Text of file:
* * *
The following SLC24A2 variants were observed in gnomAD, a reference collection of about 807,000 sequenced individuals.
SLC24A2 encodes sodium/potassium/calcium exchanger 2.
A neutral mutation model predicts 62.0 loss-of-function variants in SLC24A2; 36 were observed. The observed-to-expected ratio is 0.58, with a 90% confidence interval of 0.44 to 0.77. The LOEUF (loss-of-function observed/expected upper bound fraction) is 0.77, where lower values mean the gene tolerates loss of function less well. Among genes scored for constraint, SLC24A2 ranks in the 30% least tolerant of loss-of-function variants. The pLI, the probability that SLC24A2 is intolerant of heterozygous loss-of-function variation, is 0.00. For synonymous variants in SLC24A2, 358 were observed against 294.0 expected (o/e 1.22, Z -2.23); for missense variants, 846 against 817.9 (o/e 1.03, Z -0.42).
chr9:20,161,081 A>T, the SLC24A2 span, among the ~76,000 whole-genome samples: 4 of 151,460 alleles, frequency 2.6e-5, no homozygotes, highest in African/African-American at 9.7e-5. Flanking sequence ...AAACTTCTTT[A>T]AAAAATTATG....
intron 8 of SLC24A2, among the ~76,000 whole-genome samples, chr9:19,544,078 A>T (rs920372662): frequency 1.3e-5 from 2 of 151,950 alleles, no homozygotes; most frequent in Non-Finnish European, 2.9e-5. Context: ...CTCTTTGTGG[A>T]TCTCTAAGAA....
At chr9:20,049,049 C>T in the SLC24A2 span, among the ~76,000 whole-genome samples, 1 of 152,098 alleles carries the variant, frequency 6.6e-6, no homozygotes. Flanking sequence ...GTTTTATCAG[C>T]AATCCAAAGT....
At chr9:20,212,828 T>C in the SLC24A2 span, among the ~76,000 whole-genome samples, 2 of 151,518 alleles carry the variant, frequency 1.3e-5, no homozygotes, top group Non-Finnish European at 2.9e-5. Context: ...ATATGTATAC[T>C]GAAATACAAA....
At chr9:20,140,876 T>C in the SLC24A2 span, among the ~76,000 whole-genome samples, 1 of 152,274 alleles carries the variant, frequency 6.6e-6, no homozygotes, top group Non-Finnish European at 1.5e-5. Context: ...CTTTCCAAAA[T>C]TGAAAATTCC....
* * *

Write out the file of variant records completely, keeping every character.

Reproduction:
The following SLC24A2 variants were observed in gnomAD, a reference collection of about 807,000 sequenced individuals.
SLC24A2 encodes sodium/potassium/calcium exchanger 2.
A neutral mutation model predicts 62.0 loss-of-function variants in SLC24A2; 36 were observed. The observed-to-expected ratio is 0.58, with a 90% confidence interval of 0.44 to 0.77. The LOEUF (loss-of-function observed/expected upper bound fraction) is 0.77, where lower values mean the gene tolerates loss of function less well. Among genes scored for constraint, SLC24A2 ranks in the 30% least tolerant of loss-of-function variants. The pLI, the probability that SLC24A2 is intolerant of heterozygous loss-of-function variation, is 0.00. For synonymous variants in SLC24A2, 358 were observed against 294.0 expected (o/e 1.22, Z -2.23); for missense variants, 846 against 817.9 (o/e 1.03, Z -0.42).
chr9:20,161,081 A>T, the SLC24A2 span, among the ~76,000 whole-genome samples: 4 of 151,460 alleles, frequency 2.6e-5, no homozygotes, highest in African/African-American at 9.7e-5. Flanking sequence ...AAACTTCTTT[A>T]AAAAATTATG....
intron 8 of SLC24A2, among the ~76,000 whole-genome samples, chr9:19,544,078 A>T (rs920372662): frequency 1.3e-5 from 2 of 151,950 alleles, no homozygotes; most frequent in Non-Finnish European, 2.9e-5. Context: ...CTCTTTGTGG[A>T]TCTCTAAGAA....
At chr9:20,049,049 C>T in the SLC24A2 span, among the ~76,000 whole-genome samples, 1 of 152,098 alleles carries the variant, frequency 6.6e-6, no homozygotes. Flanking sequence ...GTTTTATCAG[C>T]AATCCAAAGT....
At chr9:20,212,828 T>C in the SLC24A2 span, among the ~76,000 whole-genome samples, 2 of 151,518 alleles carry the variant, frequency 1.3e-5, no homozygotes, top group Non-Finnish European at 2.9e-5. Context: ...ATATGTATAC[T>C]GAAATACAAA....
At chr9:20,140,876 T>C in the SLC24A2 span, among the ~76,000 whole-genome samples, 1 of 152,274 alleles carries the variant, frequency 6.6e-6, no homozygotes, top group Non-Finnish European at 1.5e-5. Context: ...CTTTCCAAAA[T>C]TGAAAATTCC....